70 mph gusts were recorded that morning, and there was no doubt in our minds that’s what we experienced.

Stephanie Boon on the clifftops above Porthtowan with the sea in the background, in golden light.

Stay away from the cliff edge in gale force winds haha!

 

So, we altered our plans on the fly. We went for a wander on Porthtowan beach which was covered in thick spume like the head on a glass of Guinness, and within 2 minutes I found a couple of washed-up razorbills and guillemot – real casualties of the storm. Then, finally, we turned inland past Tywarnhayle Copper Mine and back to Chapel Porth on footpaths and woodland tracks, which made an interesting (if disappointing) 5-mile or so walk.

 

Tywarnhayle copper mine engine house sat on mine spoils with the sea in the distance.

Tywarnhayle Copper Mine sits on top of a bleak windswept hill above Porthtowan where you can explore the well-preserved engine house that was built in 1861. (The mine originally opened in 1750 under the name of Wheal Rock.)

 

Back at Chapel Porth Katie drove us down to Godrevy where I’d parked my car the night before – and it hadn’t blown away! The wind had dropped a bit so Katie let the dogs off their leads for a run in the dunes, and then she said something that surprised me: she said she felt like she’d made it anyway. I realised then that my biggest frustration lay in the feeling we weren’t making any progress because were still in very familiar territory – and where was the challenge in that? It took a few weeks, but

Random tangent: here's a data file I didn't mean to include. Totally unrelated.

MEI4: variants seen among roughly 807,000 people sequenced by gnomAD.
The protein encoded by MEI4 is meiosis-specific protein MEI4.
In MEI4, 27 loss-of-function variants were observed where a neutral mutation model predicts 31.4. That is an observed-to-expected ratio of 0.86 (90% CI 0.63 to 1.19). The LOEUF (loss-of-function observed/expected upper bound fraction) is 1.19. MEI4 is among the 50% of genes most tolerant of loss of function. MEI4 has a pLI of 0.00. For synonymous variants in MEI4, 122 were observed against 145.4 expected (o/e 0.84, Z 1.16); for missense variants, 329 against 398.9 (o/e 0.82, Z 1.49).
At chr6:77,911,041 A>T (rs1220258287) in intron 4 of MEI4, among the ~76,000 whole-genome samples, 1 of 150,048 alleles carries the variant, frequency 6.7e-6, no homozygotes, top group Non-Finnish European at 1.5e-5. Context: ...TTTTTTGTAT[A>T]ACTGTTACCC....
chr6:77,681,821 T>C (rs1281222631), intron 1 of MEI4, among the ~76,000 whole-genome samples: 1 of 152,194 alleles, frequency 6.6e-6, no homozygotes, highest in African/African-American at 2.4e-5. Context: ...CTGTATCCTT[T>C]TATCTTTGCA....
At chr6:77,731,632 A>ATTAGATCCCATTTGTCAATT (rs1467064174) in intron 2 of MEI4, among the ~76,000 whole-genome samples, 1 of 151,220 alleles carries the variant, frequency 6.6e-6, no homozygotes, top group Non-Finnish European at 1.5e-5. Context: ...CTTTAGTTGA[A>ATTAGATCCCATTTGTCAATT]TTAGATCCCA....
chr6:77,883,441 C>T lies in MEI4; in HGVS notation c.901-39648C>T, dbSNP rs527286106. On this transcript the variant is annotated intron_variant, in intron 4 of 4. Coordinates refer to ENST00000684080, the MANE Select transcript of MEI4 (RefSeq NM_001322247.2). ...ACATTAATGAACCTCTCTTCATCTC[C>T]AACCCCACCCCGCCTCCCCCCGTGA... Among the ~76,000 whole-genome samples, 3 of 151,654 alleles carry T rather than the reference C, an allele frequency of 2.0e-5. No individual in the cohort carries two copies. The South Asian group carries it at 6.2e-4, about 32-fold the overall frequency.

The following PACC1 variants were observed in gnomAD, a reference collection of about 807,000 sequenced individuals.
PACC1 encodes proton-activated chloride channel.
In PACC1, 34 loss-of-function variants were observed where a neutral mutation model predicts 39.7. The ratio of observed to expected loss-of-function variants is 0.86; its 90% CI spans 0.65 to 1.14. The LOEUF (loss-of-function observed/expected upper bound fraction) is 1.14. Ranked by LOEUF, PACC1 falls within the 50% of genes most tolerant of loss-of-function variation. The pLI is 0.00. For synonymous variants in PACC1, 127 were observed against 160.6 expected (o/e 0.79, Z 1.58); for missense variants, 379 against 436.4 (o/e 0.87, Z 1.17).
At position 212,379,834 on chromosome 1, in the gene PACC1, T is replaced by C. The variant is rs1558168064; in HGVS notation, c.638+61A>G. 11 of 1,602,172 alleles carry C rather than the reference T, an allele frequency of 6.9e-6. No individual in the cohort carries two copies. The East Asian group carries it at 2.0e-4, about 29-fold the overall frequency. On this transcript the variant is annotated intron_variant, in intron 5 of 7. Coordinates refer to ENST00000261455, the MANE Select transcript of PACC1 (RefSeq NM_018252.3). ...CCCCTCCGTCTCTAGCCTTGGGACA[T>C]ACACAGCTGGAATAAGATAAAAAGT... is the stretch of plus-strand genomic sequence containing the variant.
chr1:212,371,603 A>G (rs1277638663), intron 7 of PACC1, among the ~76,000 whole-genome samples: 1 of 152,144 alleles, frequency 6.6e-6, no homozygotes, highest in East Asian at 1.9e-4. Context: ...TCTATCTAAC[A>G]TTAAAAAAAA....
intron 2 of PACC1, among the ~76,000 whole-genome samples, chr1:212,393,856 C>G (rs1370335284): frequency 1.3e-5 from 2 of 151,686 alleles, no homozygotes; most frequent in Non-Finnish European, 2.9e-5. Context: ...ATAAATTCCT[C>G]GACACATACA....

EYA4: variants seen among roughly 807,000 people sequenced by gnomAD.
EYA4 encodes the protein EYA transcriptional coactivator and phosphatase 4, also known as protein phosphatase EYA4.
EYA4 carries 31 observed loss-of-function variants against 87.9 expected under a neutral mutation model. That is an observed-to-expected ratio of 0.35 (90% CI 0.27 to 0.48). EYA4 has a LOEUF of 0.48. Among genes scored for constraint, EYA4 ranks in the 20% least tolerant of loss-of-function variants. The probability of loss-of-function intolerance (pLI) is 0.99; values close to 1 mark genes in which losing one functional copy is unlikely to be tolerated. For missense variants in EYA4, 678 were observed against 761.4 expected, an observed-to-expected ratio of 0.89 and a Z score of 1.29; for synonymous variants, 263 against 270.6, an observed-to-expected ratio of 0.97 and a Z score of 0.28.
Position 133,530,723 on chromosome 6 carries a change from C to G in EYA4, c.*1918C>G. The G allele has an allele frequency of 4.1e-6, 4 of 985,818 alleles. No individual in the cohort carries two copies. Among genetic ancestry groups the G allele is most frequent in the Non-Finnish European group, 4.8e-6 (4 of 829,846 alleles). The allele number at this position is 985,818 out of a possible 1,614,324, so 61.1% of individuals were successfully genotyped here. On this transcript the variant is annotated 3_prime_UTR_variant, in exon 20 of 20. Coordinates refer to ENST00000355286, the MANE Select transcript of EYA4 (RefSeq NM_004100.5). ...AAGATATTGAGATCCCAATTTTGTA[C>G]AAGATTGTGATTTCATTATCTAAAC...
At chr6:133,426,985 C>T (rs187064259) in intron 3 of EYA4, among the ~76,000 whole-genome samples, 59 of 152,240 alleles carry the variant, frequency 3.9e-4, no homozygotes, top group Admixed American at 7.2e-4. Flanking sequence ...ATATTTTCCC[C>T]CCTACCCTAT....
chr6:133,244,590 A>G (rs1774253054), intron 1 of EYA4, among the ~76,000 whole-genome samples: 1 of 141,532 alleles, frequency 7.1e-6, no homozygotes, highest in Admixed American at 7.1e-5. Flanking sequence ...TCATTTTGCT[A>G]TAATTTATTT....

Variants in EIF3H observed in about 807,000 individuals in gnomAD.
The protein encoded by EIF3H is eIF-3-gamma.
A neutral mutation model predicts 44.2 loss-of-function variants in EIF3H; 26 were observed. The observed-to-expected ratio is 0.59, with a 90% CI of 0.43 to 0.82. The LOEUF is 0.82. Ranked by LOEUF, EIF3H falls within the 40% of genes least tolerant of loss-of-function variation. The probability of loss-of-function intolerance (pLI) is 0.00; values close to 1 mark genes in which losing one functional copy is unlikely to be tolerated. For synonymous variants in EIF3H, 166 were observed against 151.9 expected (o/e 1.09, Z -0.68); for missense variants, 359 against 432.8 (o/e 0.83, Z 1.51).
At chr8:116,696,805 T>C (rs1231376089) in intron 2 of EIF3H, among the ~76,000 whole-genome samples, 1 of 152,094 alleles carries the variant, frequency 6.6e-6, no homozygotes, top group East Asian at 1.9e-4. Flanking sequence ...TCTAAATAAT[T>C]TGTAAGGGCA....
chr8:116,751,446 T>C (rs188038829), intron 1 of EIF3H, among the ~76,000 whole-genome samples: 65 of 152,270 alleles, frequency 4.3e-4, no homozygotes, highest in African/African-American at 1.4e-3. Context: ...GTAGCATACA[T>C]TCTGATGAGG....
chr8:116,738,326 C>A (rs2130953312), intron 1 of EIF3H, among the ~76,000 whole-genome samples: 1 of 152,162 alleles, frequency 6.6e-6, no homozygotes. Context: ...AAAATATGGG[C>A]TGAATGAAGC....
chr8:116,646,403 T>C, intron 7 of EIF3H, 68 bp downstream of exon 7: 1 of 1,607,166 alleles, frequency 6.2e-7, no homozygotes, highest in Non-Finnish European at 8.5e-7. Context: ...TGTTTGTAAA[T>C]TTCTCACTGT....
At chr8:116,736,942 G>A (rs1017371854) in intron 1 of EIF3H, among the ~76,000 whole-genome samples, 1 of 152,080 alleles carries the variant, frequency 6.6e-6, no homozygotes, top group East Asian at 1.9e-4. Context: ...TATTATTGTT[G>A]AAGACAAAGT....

I learnt soon enough that my challenge was to accept that the weather always has the upper hand!

And Katie was right, we’d made it (alive) anyway.

 

Stephanie Boon watching 2 sea gulls flying above the sun as it sinks behind the sea

And breathe – a glorious Porthtowan sunset

Sunset over the sea.

 

 

This is such a stunning section of the coast and a real joy for anyone hiking through. Take your time and savour the views!

You’ll need your energy for the next climb up the cliffs and on to Portreath! If you’re in the area for a while though and want a short circular walk along this section of cliff, check out the details and GPX file below. Maybe I’ll see you out there, until then

Happy Hiking

Stephie x

Share

If you enjoyed this article please share it with your friends and followers and why not pin it to your favourite Pinterest board!

(PS come and follow me over on Pinterest or leave your Pinterest name in the comments so I can come and follow you too – I’d love to see you there.)

 

 

 

Go Hike It

The Route

Getting There

  • Bus: First Kernow Truro to Newquay bus (87) stops in the centre of St Agnes village (SW 720 504), approximately 1.5 miles from Chapel Porth
  • Car: As you enter the village from the Truro direction, turn left at the mini roundabout and follow the road down to the car park on Chapel Porth beach (signposted)

En Route

  • Convenience shops, cafes, pubs and toilets in St Agnes and Porthtowan, including Blue Bar Porthtowan
  • Seasonal beach cafe and toilets at Chapel Porth

Places To Stay

 

Post a Comment

This site uses Akismet to reduce spam. Learn how your comment data is processed.